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The phenomenon of 'agencification' describes the increasing use of European agencies by EU legislators to regulate various industries and institutions within the Union.
The creation of these decentralised administrative entities raise intricate questions regarding the limits to a delegation of powers, the relationship between independence and accountability, and the call for democratic legitimacy.
This book examines the developing use of agencies in EU legislation, focusing specifically on the Banking Union, and the three European Financial Market Supervisory Authorities (ESAs) which in comparison to other agencies possess unprecedented powers.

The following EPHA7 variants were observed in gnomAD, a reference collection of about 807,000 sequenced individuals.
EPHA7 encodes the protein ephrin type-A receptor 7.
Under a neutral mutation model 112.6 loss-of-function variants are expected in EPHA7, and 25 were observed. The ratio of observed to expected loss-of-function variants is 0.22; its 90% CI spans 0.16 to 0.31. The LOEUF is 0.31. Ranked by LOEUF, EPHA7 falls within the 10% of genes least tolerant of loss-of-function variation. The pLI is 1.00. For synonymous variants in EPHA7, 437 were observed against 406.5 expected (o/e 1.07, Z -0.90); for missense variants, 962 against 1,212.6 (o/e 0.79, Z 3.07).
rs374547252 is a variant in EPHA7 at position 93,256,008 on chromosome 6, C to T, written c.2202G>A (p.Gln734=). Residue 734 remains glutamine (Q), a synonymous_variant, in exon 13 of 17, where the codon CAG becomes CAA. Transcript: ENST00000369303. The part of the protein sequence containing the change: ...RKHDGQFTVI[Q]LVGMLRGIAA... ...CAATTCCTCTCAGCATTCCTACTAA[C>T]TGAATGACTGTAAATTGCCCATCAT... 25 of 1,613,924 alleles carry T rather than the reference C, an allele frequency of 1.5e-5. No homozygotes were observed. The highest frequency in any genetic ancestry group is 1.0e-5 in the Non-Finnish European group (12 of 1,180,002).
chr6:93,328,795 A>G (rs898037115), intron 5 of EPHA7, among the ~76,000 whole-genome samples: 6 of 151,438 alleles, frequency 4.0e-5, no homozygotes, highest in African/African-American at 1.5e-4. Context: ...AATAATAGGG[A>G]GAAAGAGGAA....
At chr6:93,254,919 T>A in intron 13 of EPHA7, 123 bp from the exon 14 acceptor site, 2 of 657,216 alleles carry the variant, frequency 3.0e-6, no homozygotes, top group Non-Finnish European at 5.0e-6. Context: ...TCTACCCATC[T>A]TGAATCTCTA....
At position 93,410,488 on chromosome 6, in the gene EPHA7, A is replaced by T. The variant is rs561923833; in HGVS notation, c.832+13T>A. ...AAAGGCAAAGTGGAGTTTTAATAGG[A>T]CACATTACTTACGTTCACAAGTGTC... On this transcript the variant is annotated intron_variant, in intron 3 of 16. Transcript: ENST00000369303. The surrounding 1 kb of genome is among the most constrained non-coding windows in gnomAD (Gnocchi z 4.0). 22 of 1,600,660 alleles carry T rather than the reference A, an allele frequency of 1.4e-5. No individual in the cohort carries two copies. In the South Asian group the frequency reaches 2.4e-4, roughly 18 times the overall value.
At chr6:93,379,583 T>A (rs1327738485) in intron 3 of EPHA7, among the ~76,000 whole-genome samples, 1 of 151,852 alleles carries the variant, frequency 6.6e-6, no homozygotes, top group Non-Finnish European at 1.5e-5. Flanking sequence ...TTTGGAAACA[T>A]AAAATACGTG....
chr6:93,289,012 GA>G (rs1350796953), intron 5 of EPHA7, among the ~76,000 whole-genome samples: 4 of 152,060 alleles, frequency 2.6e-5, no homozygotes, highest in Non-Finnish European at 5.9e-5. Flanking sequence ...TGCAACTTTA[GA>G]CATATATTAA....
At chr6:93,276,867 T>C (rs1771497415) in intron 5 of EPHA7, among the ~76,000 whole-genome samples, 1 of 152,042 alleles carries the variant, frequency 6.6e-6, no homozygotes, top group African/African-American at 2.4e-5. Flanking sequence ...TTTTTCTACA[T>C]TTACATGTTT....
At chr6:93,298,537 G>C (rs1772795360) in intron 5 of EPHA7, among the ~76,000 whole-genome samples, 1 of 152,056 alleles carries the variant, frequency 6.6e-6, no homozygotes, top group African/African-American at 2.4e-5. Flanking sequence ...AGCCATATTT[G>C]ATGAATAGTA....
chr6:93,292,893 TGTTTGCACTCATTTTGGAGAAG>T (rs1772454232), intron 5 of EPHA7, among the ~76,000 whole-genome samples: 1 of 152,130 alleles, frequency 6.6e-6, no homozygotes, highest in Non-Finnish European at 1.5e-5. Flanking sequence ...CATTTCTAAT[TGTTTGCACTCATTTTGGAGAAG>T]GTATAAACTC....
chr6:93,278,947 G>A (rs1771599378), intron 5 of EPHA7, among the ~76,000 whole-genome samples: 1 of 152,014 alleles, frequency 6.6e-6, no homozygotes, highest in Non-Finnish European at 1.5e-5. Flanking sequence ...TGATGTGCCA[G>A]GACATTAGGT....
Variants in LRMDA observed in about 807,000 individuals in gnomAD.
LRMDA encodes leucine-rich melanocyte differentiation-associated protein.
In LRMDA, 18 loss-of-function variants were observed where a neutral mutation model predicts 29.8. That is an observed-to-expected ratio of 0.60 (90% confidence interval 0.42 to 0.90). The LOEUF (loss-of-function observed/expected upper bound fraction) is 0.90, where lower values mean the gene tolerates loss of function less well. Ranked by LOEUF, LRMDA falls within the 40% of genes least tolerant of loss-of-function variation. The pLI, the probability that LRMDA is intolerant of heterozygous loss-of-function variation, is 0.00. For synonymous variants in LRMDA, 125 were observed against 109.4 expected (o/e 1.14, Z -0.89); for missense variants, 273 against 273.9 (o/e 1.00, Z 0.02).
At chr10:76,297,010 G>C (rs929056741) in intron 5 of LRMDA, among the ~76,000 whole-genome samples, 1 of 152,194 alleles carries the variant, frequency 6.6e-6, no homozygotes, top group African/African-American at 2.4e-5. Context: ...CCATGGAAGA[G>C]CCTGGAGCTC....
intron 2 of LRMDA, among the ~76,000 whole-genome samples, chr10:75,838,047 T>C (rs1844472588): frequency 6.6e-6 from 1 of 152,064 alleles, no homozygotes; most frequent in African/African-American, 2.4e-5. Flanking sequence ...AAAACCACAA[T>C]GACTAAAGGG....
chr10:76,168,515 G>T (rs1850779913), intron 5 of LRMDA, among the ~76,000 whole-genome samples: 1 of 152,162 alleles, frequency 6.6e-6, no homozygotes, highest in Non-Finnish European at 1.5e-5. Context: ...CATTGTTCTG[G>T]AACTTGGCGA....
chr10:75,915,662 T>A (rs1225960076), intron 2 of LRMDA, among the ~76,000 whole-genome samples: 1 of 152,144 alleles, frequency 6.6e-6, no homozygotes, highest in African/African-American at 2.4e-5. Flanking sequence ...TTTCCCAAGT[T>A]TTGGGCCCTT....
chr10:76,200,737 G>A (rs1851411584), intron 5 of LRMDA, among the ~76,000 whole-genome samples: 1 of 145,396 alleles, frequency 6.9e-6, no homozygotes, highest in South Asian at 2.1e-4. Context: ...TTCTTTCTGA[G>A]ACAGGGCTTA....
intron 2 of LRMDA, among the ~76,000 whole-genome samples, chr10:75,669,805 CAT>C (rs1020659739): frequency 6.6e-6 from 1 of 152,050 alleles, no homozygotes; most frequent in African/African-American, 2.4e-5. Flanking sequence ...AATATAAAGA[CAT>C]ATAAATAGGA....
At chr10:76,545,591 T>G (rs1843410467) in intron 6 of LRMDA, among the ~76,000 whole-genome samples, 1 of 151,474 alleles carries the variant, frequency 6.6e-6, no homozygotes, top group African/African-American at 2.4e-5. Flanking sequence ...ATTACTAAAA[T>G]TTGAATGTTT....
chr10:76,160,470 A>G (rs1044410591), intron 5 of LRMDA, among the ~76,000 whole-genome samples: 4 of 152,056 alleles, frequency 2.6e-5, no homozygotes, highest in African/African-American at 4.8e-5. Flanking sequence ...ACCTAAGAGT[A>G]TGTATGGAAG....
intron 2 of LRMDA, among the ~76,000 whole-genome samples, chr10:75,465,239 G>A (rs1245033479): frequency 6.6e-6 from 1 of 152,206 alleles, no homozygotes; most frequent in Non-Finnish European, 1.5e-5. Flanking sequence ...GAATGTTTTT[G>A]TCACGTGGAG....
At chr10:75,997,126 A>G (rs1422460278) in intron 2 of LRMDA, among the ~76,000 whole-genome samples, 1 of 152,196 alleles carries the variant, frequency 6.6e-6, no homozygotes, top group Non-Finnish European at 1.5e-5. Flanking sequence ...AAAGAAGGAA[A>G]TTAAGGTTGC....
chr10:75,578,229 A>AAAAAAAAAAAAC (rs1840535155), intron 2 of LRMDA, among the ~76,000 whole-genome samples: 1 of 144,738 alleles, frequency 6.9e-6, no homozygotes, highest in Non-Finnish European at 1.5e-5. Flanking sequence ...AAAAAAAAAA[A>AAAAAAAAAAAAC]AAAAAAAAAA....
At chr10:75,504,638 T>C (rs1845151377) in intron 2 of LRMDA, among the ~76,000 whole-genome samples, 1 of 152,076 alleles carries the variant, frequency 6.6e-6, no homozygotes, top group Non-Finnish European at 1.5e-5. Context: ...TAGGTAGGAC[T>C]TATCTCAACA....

By exploring how these agencies work in the supervision of the banking sector, the securities sector and the insurance and occupational pensions sector, Paul Weismann asks whether the aggregation of new powers by European agencies has led to competencies moving from the Member State level to the EU level. As an evaluation of the developing centralisation of regulatory powers within the EU, this book will be of great interest and use to students and scholars of EU law, financial law and regulation, and European politics.